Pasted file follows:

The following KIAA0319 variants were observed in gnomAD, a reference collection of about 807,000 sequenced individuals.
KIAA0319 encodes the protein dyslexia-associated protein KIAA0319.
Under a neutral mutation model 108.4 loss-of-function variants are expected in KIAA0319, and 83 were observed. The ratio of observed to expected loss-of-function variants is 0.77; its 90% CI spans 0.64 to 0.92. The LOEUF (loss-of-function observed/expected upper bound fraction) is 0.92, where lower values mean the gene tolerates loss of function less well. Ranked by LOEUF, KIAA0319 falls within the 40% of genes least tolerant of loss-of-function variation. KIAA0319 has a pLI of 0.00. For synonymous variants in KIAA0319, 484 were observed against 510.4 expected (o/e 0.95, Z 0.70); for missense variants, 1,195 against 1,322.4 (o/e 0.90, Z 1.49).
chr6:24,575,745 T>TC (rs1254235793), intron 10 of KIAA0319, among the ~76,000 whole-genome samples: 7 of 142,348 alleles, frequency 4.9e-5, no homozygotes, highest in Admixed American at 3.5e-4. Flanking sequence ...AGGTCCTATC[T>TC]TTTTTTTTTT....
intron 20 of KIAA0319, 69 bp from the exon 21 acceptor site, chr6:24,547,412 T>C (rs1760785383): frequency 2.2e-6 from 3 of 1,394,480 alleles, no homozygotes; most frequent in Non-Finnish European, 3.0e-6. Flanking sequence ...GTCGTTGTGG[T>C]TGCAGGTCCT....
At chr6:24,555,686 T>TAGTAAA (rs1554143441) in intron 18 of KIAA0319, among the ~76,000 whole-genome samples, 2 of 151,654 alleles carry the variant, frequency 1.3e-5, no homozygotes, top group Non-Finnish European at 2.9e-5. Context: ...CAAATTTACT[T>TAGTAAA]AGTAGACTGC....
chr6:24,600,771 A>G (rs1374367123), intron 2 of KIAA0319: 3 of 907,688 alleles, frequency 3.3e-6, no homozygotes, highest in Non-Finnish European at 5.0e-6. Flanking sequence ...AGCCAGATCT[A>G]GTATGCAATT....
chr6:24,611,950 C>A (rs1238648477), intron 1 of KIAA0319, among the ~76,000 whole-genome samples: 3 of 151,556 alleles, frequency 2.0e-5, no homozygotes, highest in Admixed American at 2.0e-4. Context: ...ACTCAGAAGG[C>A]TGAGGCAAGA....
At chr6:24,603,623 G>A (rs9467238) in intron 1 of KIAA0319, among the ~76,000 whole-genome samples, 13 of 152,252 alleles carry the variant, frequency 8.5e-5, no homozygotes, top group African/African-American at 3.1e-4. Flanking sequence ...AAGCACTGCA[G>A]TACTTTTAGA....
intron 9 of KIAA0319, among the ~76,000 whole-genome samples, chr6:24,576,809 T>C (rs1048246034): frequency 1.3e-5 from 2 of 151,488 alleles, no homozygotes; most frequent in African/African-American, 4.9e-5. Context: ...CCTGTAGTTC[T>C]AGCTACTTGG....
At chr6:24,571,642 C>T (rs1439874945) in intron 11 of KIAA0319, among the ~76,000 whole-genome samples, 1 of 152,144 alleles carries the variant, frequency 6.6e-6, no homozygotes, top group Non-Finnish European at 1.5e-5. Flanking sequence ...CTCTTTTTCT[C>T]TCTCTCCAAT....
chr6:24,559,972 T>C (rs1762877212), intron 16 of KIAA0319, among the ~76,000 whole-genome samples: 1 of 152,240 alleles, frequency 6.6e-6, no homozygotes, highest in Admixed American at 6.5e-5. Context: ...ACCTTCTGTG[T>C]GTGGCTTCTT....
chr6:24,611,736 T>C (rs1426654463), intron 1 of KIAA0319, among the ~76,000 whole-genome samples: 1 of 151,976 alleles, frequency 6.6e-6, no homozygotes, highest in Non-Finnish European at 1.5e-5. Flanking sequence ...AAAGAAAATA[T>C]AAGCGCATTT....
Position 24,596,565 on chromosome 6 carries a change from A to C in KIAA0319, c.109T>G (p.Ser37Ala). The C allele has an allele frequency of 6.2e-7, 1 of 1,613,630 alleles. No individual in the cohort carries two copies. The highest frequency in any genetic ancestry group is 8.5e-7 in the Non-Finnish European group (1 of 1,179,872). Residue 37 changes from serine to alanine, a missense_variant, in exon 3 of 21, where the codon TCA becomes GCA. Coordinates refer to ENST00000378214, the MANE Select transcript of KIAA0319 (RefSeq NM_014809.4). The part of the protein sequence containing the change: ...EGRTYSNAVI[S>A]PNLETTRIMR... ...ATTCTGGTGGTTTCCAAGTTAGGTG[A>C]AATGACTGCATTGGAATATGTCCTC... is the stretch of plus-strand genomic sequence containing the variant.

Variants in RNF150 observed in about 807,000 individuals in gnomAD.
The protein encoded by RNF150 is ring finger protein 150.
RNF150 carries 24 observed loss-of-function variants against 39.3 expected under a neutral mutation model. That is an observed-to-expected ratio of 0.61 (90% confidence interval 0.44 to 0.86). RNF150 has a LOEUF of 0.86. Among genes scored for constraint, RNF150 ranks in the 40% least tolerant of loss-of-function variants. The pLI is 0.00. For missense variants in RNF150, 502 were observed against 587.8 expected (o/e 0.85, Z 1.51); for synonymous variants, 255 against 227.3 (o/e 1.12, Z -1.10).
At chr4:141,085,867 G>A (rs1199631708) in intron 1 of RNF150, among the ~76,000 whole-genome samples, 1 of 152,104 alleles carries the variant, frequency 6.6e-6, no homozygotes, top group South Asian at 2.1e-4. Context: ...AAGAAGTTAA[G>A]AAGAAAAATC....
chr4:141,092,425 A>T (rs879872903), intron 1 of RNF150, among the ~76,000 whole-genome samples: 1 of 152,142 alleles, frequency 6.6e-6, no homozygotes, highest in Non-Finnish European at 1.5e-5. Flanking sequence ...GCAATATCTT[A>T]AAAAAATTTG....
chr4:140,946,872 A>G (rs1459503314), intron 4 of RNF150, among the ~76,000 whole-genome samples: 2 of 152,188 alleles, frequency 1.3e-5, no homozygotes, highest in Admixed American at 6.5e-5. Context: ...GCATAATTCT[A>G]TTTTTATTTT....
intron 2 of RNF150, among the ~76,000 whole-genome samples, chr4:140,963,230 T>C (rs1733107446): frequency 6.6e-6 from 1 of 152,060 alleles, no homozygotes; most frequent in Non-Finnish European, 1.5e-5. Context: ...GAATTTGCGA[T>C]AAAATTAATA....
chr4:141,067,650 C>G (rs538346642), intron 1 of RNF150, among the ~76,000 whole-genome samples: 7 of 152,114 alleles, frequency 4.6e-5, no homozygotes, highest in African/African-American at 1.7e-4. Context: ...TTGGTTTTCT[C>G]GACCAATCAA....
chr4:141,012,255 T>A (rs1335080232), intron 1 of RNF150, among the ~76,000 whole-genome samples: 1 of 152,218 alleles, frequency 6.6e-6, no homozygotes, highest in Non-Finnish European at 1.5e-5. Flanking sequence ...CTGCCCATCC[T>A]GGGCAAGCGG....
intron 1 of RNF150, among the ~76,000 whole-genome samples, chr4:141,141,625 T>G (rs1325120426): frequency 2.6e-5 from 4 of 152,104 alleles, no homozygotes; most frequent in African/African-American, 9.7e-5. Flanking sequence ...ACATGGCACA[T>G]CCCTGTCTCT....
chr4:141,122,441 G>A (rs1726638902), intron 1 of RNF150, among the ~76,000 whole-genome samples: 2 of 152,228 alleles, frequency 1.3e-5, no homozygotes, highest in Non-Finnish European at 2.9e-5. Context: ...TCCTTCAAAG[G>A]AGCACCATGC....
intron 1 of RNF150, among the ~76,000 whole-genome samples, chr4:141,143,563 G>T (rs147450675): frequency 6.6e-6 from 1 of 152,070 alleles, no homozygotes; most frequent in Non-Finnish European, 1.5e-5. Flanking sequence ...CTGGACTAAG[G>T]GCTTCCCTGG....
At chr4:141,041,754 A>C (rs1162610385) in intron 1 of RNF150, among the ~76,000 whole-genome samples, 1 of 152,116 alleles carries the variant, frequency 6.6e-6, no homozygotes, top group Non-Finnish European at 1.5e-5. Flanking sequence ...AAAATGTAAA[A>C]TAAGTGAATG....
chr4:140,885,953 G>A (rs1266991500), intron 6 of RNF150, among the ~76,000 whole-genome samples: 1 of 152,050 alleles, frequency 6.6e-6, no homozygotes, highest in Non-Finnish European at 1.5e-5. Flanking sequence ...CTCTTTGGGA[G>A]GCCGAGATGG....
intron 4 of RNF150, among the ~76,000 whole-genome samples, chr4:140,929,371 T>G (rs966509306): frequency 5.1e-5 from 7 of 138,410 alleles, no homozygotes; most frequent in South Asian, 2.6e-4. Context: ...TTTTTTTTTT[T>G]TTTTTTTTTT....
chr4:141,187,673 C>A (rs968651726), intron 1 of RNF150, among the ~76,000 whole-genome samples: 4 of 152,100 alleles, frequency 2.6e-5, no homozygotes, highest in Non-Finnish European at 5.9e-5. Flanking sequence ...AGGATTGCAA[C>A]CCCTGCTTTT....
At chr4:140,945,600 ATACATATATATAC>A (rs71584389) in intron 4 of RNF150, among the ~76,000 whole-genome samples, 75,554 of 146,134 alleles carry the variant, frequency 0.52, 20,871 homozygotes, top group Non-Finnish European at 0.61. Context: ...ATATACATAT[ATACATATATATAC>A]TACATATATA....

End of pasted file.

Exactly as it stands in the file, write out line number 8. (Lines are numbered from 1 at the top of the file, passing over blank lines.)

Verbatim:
chr6:24,611,950 C>A (rs1238648477), intron 1 of KIAA0319, among the ~76,000 whole-genome samples: 3 of 151,556 alleles, frequency 2.0e-5, no homozygotes, highest in Admixed American at 2.0e-4. Context: ...ACTCAGAAGG[C>A]TGAGGCAAGA....